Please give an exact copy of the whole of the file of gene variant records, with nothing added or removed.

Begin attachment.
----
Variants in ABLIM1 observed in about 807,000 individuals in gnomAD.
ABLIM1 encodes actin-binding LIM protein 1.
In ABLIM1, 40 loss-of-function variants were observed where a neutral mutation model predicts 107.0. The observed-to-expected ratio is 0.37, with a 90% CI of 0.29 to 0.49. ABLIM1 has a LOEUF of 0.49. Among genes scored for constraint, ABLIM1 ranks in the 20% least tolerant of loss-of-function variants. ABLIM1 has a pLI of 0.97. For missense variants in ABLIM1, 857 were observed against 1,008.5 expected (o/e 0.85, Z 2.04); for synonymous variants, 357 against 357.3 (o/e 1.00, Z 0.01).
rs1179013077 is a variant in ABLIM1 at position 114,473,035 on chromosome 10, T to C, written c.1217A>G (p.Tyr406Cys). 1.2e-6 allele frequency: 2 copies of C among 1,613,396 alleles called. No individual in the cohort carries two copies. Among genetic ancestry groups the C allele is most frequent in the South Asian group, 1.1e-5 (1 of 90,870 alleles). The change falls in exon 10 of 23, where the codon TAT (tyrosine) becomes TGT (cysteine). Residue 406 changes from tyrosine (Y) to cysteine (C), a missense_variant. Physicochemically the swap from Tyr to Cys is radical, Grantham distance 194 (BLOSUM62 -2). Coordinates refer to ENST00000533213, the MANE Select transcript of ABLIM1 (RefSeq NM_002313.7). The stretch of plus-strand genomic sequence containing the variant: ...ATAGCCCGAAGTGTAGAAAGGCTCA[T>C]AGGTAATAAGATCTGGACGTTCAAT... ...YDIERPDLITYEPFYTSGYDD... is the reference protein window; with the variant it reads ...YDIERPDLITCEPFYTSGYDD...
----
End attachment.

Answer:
Variants in ABLIM1 observed in about 807,000 individuals in gnomAD.
ABLIM1 encodes actin-binding LIM protein 1.
In ABLIM1, 40 loss-of-function variants were observed where a neutral mutation model predicts 107.0. The observed-to-expected ratio is 0.37, with a 90% CI of 0.29 to 0.49. ABLIM1 has a LOEUF of 0.49. Among genes scored for constraint, ABLIM1 ranks in the 20% least tolerant of loss-of-function variants. ABLIM1 has a pLI of 0.97. For missense variants in ABLIM1, 857 were observed against 1,008.5 expected (o/e 0.85, Z 2.04); for synonymous variants, 357 against 357.3 (o/e 1.00, Z 0.01).
rs1179013077 is a variant in ABLIM1 at position 114,473,035 on chromosome 10, T to C, written c.1217A>G (p.Tyr406Cys). 1.2e-6 allele frequency: 2 copies of C among 1,613,396 alleles called. No individual in the cohort carries two copies. Among genetic ancestry groups the C allele is most frequent in the South Asian group, 1.1e-5 (1 of 90,870 alleles). The change falls in exon 10 of 23, where the codon TAT (tyrosine) becomes TGT (cysteine). Residue 406 changes from tyrosine (Y) to cysteine (C), a missense_variant. Physicochemically the swap from Tyr to Cys is radical, Grantham distance 194 (BLOSUM62 -2). Coordinates refer to ENST00000533213, the MANE Select transcript of ABLIM1 (RefSeq NM_002313.7). The stretch of plus-strand genomic sequence containing the variant: ...ATAGCCCGAAGTGTAGAAAGGCTCA[T>C]AGGTAATAAGATCTGGACGTTCAAT... ...YDIERPDLITYEPFYTSGYDD... is the reference protein window; with the variant it reads ...YDIERPDLITCEPFYTSGYDD...